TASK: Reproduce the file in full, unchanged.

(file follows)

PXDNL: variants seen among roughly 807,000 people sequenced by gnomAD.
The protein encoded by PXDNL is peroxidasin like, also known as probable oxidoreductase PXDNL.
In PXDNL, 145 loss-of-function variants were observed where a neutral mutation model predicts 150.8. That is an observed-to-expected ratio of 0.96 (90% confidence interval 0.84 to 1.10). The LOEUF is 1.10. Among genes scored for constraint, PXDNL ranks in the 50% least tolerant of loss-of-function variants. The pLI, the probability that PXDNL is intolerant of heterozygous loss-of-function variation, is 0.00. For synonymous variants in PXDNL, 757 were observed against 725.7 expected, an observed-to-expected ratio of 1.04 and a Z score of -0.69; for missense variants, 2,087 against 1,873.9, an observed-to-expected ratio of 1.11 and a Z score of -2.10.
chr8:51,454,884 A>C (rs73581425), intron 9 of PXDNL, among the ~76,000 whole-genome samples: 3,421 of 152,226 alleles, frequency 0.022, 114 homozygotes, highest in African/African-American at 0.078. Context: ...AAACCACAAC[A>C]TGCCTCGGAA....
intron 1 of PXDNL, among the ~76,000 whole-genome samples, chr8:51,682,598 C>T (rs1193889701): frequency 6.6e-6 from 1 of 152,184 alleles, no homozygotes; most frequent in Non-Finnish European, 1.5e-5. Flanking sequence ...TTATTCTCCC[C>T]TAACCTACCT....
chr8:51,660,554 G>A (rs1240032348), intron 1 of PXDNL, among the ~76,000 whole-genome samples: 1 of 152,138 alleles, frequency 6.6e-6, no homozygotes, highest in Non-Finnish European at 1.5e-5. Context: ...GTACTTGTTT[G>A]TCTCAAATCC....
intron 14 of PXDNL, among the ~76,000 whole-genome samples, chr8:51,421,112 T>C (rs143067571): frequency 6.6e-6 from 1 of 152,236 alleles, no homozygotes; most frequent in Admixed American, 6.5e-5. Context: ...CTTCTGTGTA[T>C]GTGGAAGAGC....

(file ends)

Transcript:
PXDNL: variants seen among roughly 807,000 people sequenced by gnomAD.
The protein encoded by PXDNL is peroxidasin like, also known as probable oxidoreductase PXDNL.
In PXDNL, 145 loss-of-function variants were observed where a neutral mutation model predicts 150.8. That is an observed-to-expected ratio of 0.96 (90% confidence interval 0.84 to 1.10). The LOEUF is 1.10. Among genes scored for constraint, PXDNL ranks in the 50% least tolerant of loss-of-function variants. The pLI, the probability that PXDNL is intolerant of heterozygous loss-of-function variation, is 0.00. For synonymous variants in PXDNL, 757 were observed against 725.7 expected, an observed-to-expected ratio of 1.04 and a Z score of -0.69; for missense variants, 2,087 against 1,873.9, an observed-to-expected ratio of 1.11 and a Z score of -2.10.
chr8:51,454,884 A>C (rs73581425), intron 9 of PXDNL, among the ~76,000 whole-genome samples: 3,421 of 152,226 alleles, frequency 0.022, 114 homozygotes, highest in African/African-American at 0.078. Context: ...AAACCACAAC[A>C]TGCCTCGGAA....
intron 1 of PXDNL, among the ~76,000 whole-genome samples, chr8:51,682,598 C>T (rs1193889701): frequency 6.6e-6 from 1 of 152,184 alleles, no homozygotes; most frequent in Non-Finnish European, 1.5e-5. Flanking sequence ...TTATTCTCCC[C>T]TAACCTACCT....
chr8:51,660,554 G>A (rs1240032348), intron 1 of PXDNL, among the ~76,000 whole-genome samples: 1 of 152,138 alleles, frequency 6.6e-6, no homozygotes, highest in Non-Finnish European at 1.5e-5. Context: ...GTACTTGTTT[G>A]TCTCAAATCC....
intron 14 of PXDNL, among the ~76,000 whole-genome samples, chr8:51,421,112 T>C (rs143067571): frequency 6.6e-6 from 1 of 152,236 alleles, no homozygotes; most frequent in Admixed American, 6.5e-5. Context: ...CTTCTGTGTA[T>C]GTGGAAGAGC....